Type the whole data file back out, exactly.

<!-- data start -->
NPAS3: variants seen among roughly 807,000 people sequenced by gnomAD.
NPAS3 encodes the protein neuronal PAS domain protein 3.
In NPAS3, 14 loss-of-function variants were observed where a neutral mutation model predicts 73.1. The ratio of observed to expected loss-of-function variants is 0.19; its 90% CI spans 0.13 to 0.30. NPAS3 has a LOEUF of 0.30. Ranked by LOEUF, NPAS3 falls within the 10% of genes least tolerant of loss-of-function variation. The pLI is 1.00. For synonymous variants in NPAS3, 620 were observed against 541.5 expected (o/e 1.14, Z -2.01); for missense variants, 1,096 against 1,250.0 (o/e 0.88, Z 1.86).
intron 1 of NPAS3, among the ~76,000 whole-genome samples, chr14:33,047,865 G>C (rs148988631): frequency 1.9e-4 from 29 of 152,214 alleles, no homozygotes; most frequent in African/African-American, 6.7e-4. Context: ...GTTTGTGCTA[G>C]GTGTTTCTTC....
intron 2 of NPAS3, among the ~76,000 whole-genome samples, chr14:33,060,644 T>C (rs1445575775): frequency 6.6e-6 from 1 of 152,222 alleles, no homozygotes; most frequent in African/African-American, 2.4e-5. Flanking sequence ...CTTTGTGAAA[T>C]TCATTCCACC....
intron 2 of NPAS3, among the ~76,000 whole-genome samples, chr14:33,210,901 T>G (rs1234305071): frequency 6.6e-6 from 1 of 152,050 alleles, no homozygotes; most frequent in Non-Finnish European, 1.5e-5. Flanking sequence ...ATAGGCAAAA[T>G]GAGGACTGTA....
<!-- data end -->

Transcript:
NPAS3: variants seen among roughly 807,000 people sequenced by gnomAD.
NPAS3 encodes the protein neuronal PAS domain protein 3.
In NPAS3, 14 loss-of-function variants were observed where a neutral mutation model predicts 73.1. The ratio of observed to expected loss-of-function variants is 0.19; its 90% CI spans 0.13 to 0.30. NPAS3 has a LOEUF of 0.30. Ranked by LOEUF, NPAS3 falls within the 10% of genes least tolerant of loss-of-function variation. The pLI is 1.00. For synonymous variants in NPAS3, 620 were observed against 541.5 expected (o/e 1.14, Z -2.01); for missense variants, 1,096 against 1,250.0 (o/e 0.88, Z 1.86).
intron 1 of NPAS3, among the ~76,000 whole-genome samples, chr14:33,047,865 G>C (rs148988631): frequency 1.9e-4 from 29 of 152,214 alleles, no homozygotes; most frequent in African/African-American, 6.7e-4. Context: ...GTTTGTGCTA[G>C]GTGTTTCTTC....
intron 2 of NPAS3, among the ~76,000 whole-genome samples, chr14:33,060,644 T>C (rs1445575775): frequency 6.6e-6 from 1 of 152,222 alleles, no homozygotes; most frequent in African/African-American, 2.4e-5. Flanking sequence ...CTTTGTGAAA[T>C]TCATTCCACC....
intron 2 of NPAS3, among the ~76,000 whole-genome samples, chr14:33,210,901 T>G (rs1234305071): frequency 6.6e-6 from 1 of 152,050 alleles, no homozygotes; most frequent in Non-Finnish European, 1.5e-5. Flanking sequence ...ATAGGCAAAA[T>G]GAGGACTGTA....